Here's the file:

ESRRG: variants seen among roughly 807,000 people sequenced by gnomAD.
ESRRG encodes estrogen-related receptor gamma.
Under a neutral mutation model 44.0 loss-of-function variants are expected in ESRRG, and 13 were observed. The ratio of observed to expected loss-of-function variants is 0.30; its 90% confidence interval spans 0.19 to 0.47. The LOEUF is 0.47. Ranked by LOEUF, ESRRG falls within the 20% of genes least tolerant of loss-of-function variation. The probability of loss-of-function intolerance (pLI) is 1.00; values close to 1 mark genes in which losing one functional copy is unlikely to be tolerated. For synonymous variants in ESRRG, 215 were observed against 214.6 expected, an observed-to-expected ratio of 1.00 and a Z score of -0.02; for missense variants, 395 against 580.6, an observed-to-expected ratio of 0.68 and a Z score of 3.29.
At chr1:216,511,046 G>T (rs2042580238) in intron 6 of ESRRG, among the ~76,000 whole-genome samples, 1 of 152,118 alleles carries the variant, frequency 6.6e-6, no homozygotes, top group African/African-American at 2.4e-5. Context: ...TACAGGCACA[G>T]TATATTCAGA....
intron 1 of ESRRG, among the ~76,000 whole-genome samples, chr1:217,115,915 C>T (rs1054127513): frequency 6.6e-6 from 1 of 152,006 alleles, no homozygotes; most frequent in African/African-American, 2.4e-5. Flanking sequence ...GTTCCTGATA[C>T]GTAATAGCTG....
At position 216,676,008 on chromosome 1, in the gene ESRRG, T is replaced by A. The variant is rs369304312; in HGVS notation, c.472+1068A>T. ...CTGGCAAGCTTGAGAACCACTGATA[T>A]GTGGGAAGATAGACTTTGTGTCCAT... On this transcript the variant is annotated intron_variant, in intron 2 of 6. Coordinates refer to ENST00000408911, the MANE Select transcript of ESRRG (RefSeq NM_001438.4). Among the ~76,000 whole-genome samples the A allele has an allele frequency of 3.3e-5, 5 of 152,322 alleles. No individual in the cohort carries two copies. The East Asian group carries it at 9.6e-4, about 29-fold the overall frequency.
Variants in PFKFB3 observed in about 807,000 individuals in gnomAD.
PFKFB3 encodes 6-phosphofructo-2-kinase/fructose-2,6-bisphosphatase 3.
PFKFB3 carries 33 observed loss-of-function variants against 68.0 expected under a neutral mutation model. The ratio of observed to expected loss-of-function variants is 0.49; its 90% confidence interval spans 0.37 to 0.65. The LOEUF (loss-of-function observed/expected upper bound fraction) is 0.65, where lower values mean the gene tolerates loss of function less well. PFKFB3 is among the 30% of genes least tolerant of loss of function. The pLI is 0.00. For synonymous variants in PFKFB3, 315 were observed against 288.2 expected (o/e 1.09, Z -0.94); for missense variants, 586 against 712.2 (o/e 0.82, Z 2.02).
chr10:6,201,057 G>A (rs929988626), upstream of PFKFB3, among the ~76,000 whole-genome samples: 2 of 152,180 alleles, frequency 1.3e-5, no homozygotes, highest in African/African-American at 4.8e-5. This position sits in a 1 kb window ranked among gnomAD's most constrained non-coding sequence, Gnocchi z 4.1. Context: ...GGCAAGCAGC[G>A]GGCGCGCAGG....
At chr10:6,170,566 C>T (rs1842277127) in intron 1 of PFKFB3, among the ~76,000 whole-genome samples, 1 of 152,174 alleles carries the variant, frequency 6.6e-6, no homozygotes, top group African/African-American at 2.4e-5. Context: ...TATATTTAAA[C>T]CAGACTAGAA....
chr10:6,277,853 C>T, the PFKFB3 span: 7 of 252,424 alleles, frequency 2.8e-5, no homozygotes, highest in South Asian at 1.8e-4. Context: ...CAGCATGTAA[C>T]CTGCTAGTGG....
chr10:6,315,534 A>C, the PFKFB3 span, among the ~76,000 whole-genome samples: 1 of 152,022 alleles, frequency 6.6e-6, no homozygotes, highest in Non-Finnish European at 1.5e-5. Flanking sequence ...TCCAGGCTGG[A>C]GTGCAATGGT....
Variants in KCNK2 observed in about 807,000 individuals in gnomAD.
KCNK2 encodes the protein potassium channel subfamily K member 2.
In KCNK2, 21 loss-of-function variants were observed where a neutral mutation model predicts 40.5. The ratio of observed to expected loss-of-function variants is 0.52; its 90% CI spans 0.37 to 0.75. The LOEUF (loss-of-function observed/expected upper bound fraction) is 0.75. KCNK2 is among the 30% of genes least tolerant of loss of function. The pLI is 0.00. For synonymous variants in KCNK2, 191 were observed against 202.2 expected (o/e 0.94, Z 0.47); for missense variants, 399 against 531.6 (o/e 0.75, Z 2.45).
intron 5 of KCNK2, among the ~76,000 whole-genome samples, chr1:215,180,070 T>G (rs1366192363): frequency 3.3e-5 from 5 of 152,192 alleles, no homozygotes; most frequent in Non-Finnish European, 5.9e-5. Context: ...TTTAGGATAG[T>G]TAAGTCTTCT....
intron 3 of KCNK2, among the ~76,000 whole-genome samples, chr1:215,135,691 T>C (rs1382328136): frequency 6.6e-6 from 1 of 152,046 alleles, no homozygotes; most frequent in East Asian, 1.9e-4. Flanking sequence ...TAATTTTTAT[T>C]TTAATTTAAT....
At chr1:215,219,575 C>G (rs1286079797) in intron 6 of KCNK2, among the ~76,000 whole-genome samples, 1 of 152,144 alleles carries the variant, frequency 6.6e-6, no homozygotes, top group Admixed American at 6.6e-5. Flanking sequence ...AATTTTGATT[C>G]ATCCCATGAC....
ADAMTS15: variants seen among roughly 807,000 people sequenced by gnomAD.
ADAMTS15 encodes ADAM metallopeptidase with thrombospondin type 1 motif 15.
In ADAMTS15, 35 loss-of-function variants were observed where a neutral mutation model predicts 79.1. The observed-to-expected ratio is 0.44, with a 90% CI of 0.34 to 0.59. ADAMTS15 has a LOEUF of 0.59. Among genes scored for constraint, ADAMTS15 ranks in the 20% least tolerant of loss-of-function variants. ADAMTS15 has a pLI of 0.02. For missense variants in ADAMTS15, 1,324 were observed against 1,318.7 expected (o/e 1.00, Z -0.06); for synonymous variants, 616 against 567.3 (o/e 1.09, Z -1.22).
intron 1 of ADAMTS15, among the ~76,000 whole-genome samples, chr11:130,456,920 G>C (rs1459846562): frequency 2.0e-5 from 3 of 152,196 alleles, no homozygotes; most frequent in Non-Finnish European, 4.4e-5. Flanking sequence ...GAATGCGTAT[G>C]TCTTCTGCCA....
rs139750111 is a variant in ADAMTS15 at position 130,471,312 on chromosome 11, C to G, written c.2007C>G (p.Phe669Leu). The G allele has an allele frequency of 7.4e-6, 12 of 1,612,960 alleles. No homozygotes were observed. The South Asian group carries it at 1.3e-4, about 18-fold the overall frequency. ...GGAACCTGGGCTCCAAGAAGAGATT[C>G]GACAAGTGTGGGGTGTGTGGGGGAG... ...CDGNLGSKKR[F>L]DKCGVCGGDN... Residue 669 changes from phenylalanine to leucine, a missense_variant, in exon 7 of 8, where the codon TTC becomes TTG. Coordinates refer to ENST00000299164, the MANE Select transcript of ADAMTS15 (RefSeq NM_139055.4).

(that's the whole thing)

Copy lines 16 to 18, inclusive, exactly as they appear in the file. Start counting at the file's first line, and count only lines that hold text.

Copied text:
In KCNK2, 21 loss-of-function variants were observed where a neutral mutation model predicts 40.5. The ratio of observed to expected loss-of-function variants is 0.52; its 90% CI spans 0.37 to 0.75. The LOEUF (loss-of-function observed/expected upper bound fraction) is 0.75. KCNK2 is among the 30% of genes least tolerant of loss of function. The pLI is 0.00. For synonymous variants in KCNK2, 191 were observed against 202.2 expected (o/e 0.94, Z 0.47); for missense variants, 399 against 531.6 (o/e 0.75, Z 2.45).
intron 5 of KCNK2, among the ~76,000 whole-genome samples, chr1:215,180,070 T>G (rs1366192363): frequency 3.3e-5 from 5 of 152,192 alleles, no homozygotes; most frequent in Non-Finnish European, 5.9e-5. Context: ...TTTAGGATAG[T>G]TAAGTCTTCT....
intron 3 of KCNK2, among the ~76,000 whole-genome samples, chr1:215,135,691 T>C (rs1382328136): frequency 6.6e-6 from 1 of 152,046 alleles, no homozygotes; most frequent in East Asian, 1.9e-4. Flanking sequence ...TAATTTTTAT[T>C]TTAATTTAAT....